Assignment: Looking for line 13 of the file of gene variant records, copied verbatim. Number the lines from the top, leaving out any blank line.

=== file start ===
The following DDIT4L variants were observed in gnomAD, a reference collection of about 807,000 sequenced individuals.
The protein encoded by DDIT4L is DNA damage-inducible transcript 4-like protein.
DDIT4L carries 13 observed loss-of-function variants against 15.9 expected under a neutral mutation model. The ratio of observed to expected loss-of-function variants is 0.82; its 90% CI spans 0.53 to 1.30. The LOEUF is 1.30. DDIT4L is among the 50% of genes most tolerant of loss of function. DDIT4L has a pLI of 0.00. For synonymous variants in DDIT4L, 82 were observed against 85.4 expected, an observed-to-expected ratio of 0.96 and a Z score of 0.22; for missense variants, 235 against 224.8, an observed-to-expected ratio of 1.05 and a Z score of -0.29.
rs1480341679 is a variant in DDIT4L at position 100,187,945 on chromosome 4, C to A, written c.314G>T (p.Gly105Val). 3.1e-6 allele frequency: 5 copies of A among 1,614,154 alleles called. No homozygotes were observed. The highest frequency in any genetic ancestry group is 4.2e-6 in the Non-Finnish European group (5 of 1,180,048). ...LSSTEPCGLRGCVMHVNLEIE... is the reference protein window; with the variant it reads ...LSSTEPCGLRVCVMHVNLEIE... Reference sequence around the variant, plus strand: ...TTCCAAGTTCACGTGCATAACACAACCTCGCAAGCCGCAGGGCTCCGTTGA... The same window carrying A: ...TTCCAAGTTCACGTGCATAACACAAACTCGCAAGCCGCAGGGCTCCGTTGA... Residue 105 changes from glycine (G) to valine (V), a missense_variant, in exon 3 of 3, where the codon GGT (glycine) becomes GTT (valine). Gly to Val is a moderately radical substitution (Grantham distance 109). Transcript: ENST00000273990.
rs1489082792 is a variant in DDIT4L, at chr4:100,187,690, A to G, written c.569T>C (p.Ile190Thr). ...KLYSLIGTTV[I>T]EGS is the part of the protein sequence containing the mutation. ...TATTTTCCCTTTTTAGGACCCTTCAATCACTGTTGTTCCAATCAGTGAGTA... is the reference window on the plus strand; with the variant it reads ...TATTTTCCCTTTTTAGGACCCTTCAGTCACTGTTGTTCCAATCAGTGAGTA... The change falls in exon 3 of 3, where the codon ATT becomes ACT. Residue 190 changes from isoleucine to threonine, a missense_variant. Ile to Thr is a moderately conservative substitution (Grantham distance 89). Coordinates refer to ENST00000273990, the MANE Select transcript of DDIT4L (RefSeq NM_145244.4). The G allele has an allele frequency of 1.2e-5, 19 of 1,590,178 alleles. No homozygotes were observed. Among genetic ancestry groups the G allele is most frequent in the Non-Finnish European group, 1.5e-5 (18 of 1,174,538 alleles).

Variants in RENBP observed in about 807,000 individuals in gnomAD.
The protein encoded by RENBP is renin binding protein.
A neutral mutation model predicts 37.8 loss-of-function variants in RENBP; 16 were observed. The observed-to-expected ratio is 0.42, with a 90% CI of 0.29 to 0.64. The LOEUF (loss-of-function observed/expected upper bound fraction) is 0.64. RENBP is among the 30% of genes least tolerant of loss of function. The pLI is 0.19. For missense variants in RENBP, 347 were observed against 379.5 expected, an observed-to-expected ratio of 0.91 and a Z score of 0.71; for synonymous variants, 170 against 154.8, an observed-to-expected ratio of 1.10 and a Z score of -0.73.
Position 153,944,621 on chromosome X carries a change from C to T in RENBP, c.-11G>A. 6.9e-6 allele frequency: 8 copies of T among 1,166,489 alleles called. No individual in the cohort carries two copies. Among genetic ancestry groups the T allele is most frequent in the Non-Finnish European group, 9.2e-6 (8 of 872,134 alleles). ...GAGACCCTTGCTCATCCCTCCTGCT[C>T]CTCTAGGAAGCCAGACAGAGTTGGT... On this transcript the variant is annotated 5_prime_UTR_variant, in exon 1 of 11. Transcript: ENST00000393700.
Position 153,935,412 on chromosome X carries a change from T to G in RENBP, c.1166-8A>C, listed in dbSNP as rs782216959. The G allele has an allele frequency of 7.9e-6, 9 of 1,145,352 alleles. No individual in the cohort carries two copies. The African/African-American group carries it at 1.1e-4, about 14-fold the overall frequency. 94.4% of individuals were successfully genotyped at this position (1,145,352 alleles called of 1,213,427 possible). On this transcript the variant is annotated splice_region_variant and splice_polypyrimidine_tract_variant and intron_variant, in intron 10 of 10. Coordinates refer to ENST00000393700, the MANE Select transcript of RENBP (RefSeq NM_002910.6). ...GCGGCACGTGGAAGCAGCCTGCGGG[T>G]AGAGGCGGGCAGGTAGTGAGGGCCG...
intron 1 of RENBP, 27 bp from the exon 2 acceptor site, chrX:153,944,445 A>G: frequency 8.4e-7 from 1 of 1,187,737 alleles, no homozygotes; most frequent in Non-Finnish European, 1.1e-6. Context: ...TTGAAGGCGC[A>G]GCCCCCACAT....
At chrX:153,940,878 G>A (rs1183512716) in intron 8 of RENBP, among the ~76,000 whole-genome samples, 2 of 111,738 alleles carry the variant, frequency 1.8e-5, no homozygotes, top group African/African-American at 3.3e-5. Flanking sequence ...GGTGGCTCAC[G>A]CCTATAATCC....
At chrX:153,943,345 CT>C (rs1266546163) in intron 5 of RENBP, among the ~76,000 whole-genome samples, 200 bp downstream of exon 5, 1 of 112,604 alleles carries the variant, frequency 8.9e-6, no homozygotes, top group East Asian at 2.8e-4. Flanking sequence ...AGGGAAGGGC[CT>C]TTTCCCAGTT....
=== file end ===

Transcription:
At chrX:153,943,345 CT>C (rs1266546163) in intron 5 of RENBP, among the ~76,000 whole-genome samples, 200 bp downstream of exon 5, 1 of 112,604 alleles carries the variant, frequency 8.9e-6, no homozygotes, top group East Asian at 2.8e-4. Flanking sequence ...AGGGAAGGGC[CT>C]TTTCCCAGTT....